More than 40 percent of this year’s American Pima cotton has been sold with the crop little beyond the seedling stage, according to Supima.
With the 2010 crop of 483,000 bales sold out and more than 300,000 bales of the anticipated 700,000-bale U.S. crop already sold at least five month before harvest, demand and prices should continue strong.
Spot Pima prices are at $2.60 per pound, not far off the peak of $3.05 for last season’s crop.
With the current (2010-2011) crop virtually sold out, and with prices continuing to stay high for the new crop, the current forecast for new crop production certainly looks to fall far short of old production levels and records, according to Marc Lewkowitz, executive vice president of Supima.
California is the largest producer of Pima, and it looks like the final acreage could be about 40,000 acres less than the most optimistic pre-planting estimates.
American Pima cotton production reached a high mark of 851,800 bales during the 2007-2008 crop year with 288,100 acres. The actual running bale figure from that year was 823,500 bales according to the USDA.
Last year, the production for the 2010-2011 crop year for American Pima cotton crop was listed at 483,450 running bales. When prices for that crop topped $3 per pound, a much bigger 2011-2012 crop was expected — possibly a new record crop.
However, there will be no records this season.
The initial USDA–NASS Prospective Plantings Report from was disappointing, as total U.S. American Pima cotton acreage was forecast to be 252,500 acres. Arizona was predicted to see 9,000 acres versus 2,500 the year before. Similarly, California and New Mexico were also expecting increases from 182,000 acres to 225,000 acres and from 2,700 acres to 3,500 acres respectively. Texas on the other hand was forecast to see acreage fall from 17,000 acres the year before to 15,000 acres.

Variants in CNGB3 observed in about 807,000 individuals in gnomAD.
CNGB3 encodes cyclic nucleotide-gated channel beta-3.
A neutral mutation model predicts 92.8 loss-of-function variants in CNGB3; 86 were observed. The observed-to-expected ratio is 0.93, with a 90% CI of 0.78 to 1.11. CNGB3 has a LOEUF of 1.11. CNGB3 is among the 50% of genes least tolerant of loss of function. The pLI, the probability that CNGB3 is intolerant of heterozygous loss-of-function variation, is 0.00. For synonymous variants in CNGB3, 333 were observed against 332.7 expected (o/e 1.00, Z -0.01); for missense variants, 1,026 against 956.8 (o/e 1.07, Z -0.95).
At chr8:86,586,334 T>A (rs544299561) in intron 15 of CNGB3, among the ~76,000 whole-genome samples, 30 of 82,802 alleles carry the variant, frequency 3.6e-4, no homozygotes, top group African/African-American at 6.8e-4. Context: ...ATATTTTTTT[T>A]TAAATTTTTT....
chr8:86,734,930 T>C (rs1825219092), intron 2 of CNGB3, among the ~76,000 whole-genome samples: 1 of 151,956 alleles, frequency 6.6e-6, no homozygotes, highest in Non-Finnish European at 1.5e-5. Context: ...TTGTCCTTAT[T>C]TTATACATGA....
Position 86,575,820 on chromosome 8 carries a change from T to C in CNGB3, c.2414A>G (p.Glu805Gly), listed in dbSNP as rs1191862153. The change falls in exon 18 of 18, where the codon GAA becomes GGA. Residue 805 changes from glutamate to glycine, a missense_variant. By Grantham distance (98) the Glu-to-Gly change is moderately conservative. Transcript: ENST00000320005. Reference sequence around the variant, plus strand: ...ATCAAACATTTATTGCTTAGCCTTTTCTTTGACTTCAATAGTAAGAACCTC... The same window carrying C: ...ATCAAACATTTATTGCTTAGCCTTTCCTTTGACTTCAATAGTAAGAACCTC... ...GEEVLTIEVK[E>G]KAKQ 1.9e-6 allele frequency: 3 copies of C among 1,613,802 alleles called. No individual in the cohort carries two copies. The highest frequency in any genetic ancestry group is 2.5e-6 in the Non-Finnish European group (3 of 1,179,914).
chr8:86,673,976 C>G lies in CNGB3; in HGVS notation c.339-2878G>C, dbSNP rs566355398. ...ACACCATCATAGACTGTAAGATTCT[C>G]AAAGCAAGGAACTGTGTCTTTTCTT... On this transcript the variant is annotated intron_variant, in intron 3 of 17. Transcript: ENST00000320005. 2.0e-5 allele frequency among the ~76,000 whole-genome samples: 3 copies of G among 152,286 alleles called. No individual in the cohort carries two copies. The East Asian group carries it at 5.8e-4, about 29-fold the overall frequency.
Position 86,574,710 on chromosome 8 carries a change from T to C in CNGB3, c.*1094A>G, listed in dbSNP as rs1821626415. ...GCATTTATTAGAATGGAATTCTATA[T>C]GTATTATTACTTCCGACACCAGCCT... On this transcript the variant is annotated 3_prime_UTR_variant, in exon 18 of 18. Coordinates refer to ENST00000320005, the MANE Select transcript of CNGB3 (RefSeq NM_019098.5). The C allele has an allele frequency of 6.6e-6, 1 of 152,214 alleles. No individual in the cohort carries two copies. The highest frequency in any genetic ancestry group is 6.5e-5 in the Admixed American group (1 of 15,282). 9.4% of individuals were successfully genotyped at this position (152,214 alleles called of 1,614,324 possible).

Two months later, estimates have changed a little based on independent industry surveys and a lot of coffee shop talk, according to Lewkowitz.
Same grower issues
The issues that many growers faced last year are much the same again this year, regardless of potential price, he said. Water continues to be a significant question in New Mexico and Texas. The belief is that there is enough water to grow a cotton crop, but the first release of water may not come until June 1, certainly too late for planting any additional cotton. The sale of American Pima planting seed was very high, and seemed to indicate that there was a potential for record planted acreage in some areas. Yet, a good portion of that seed may never make it out of the bag this season.
The current industry sentiment on acreage now expects that Arizona acreage could reach 8,500 acres — slightly below the 9,000 acres estimated in the Prospective Plantings Report. California, however, is believed to have approximately 261,500 acres planted according to a gin survey conducted recently by the California Cotton Ginners and Growers Associations (CCGGA). That number is a sizeable increase over spring 225,000-acre USDA–NASS estimate. However, it also falls short of some of the more optimistic acreage estimates that had approached a 300,000-acre figure for California. New Mexico is very close with current estimates at about 3,400 acres, a mere 100 acres off from the earlier estimate, and Texas acreage may be closer to last year’s acreage number of 17,000 acres with reports that growers that have water are planting American Pima again for the first time in years.
Assuming that the latest estimates are close to the final numbers and allowing for conservative yields in consideration of some later plantings and tougher early weather, the production for the 2011-2012 crop may only come in at around 700,000 bales, according to Lewkowitz. The USDA–WAOB World Agricultural Supply and Demand Estimate only forecasts U.S. production to be 677,000 bales.
By mid-May, export sales were already reported at 318,900 bales for the crop that will be harvested in November.
It will be another tight-supply, high-price year for American Pima cotton producers.